Lightroom Classic: Smooth Skin in Black & White Photos With Red & Orange Filters


– Hey, fellow photographer,
how is it going? I’m Michael Zelbel. Today I would like to show
you how you use color filters in Adobe Lightroom Classic to
your advantage when converting your color portraits to
black and white portraits. I’m specifically talking
about black and white high key portraits,
which are really bright, with really bright, white skin tones. So, the background for
this is that we talked about color filters in our Facebook group, and then a while ago I
showed you how to use color filters in Photoshop. And of course, I got the questions, “yes, Lightroom walkthrough, please”, “of course, I only use Lightroom”, “Lightroom please, not really a PS user”. I’m super happy to show that
in Adobe Lightroom Classic. I guess most of you will
use Lightroom Classic, and don’t let anybody tell
you that Lightroom is less professional tool, compared
to Photoshop, for example. That’s not the case. I mean, the result that you
get from both tools are exactly the same, and whatever gets you to your desired result
fastest, is the right tool. It’s not that one os more
professional than the others, or pro photographers would
use this, but not that, or something, total rubbish. Okay, with that said, let’s have a look at our example photo. And this time I will
just stay in Lightroom. Now, this is a photo of our model Nakriko, and she got a pretty dark skin
tone, but it doesn’t matter, we can convert it to high key. Skin tone really does matter. And, what we can do is two things. I mean, most people, they would
probably use very quick way, but not very exact way,
that is, they go to Presets, and they add the classic
black and white filters, which you can ad in Lightroom. And then, they’ve got an orange filter. And this looks nice, it’s a
nice black and white conversion, but it’s probably not
high key enough for us. So, let’s undo this. Or, they would try the red filter, but that’s probably a bit over the top. So that’s also not good, and
you could adjust this now, but, honestly, I would just
not use them to begin with. I would do this. In the Development module, I would scroll up to black and white, which converts my photo
into black and white, and now, I scroll down to
the black and white mix, where I can say what color
in the original photo is rendered how bright. And there, I can control the skin tone with my orange channel. If I dial it up, then the
whole skin is getting brighter. Let’s say, 60%, for me
it’s nicely high key, probably it’s even over
the top, let’s go to 50. And now, what I probably also want to do is remove some blemishes. So let me go back to color, for a second. Okay, in the color version of the photo I see there’s a lot of little red spots, and here’s a red area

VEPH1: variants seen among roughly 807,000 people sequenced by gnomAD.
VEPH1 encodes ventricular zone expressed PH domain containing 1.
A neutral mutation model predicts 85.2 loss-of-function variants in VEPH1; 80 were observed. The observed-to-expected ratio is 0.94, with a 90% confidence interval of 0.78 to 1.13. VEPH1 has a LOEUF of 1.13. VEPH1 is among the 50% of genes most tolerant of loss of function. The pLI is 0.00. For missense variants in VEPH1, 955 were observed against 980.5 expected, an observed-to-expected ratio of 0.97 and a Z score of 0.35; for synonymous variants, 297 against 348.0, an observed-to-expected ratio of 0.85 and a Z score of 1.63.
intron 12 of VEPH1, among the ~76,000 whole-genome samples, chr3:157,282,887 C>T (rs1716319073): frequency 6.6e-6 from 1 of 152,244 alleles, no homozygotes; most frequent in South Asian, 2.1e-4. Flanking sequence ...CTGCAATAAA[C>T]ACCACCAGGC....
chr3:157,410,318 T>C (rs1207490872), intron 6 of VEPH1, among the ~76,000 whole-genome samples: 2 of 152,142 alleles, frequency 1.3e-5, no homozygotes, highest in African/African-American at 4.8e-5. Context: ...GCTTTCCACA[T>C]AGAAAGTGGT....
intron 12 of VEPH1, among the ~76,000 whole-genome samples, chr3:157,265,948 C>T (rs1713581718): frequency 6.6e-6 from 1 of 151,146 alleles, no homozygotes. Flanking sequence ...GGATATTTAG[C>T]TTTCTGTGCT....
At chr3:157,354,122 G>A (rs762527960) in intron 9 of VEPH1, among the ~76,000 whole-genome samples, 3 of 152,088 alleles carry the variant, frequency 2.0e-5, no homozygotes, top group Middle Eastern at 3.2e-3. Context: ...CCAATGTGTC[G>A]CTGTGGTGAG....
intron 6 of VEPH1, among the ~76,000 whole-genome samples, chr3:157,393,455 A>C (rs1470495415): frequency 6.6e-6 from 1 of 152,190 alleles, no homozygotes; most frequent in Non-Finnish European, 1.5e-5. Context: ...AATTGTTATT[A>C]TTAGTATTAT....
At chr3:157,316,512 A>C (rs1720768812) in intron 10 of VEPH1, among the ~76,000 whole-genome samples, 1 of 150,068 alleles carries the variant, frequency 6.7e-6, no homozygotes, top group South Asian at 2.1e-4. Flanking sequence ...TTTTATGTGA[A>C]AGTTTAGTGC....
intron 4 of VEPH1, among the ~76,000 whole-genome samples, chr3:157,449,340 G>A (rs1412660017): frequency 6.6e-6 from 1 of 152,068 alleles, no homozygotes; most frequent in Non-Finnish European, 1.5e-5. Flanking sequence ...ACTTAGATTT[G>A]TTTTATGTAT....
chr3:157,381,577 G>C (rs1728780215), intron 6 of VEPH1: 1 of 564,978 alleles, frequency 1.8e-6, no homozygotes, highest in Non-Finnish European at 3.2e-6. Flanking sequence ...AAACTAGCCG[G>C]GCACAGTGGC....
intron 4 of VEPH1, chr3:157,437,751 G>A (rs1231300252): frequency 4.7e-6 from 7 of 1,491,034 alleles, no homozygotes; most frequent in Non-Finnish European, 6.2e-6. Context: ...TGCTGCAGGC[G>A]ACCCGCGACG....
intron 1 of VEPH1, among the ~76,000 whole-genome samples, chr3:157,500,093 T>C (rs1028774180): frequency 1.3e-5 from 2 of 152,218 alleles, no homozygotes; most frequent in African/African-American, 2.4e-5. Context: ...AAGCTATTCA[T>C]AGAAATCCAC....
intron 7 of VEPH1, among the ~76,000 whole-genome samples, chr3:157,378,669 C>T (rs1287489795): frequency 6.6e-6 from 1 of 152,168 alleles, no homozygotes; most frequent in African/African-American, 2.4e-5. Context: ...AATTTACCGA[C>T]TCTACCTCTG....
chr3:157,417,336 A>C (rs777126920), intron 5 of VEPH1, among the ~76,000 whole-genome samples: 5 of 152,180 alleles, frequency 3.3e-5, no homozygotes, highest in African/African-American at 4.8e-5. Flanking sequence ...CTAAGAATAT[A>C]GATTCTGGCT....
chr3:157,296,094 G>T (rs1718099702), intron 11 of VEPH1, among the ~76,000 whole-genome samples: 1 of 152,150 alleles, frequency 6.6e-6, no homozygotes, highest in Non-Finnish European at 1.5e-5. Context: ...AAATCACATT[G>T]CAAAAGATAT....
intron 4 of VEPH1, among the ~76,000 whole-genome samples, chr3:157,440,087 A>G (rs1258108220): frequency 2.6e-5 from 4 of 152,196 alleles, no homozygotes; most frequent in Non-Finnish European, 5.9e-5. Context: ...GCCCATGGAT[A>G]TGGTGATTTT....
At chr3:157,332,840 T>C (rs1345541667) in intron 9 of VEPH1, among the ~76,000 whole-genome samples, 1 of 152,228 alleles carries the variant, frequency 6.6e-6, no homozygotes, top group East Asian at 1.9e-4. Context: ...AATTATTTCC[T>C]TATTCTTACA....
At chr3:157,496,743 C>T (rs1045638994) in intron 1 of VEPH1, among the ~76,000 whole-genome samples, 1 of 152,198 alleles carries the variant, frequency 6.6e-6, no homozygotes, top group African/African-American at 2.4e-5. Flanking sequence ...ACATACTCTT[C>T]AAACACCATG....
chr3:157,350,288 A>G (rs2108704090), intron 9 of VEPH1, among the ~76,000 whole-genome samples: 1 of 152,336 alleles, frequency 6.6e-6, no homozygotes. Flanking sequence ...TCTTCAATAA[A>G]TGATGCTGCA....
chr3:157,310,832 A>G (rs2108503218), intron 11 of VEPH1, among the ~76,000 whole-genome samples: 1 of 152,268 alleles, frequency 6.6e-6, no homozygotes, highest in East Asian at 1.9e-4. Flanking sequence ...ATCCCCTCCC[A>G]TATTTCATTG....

in the face, going on. And that would typically
be a job for a skin filter, but a skin filter removes texture. In this black and white
conversion with color filters I probably don’t need a skin filter. So, let me do this move
again, I go to Treatment, black and white, and
then, I dial up orange, and what I can see now is,
the spots and the red areas are less prominent, because
everything is bright. But I can still see them,
it’s still really visible that there are darker spots because they were red, and not orange. So what I can do to
remove them completely, is I dial up the red channel. And now, let’s say, to 90,
they are practically invisible. We now definitely don’t
need a skin filter anymore, and I got all the texture
still inside the skin. Just because I said red spots, well, let’s render them really bright, and the rest of the skin,
let’s render it quite bright. And the result in total is a nice high key black and white image. So, what if I don’t know
my skin tones anymore? I mean, it’s pretty obvious,
and skin is kind of orange. But anyway, let’s just go to another photo from that photo shoot. Over here, we’ve got orange skin, pretty much everywhere, but
also some redness over here, on her knee, there’s a
red scar that she got. So, if I don’t know where
this skin tones fall, I can also do one thing. Let’s go to black and
white, oh no, no, no. Lets do it once in color
mode, then you see it. If I go to an orange area,
and I hold my mouse key, and I drive the mouse up and down, then I’m moving the orange channel, over here in this section,
now it’s called Luminance. If I’m on the scar, let’s
see where that falls. I’m moving orange and red, so it’s a mixture of orange and red. Good to know. Anyway, let’s go to black and white again, to make it a black and
white high key photo. So after the regular black
and white conversion, it’s kind of grayish, that’s not so nice. Now, I keep my color picker over here, and I go to some area
which is a problem area, let’s say the scar. I drive the slider up, all the way up. Well, the scar is still a
tiny little bit visible, but I would probably not
even need a correction any more, it’s so subtle,
it doesn’t matter. And the result overall, let’s give back this tool, and let’s zoom out, it’s a nice high key portrait. So this is the other method
you can dial up and down your channels, just use this
adjustment tool over here. All right, I hope this helps you. I hope you have fun converting
your color portraits to high key black and white portraits, I really like this look. And let me know how this works for you, let me know how you convert your photos, usually, to black and white. And if you need another tool,
like the new Lightroom CC, or something, let me know, then I show you the same move over there, as well. Righty, with that said, have
a lot of fun, good light!

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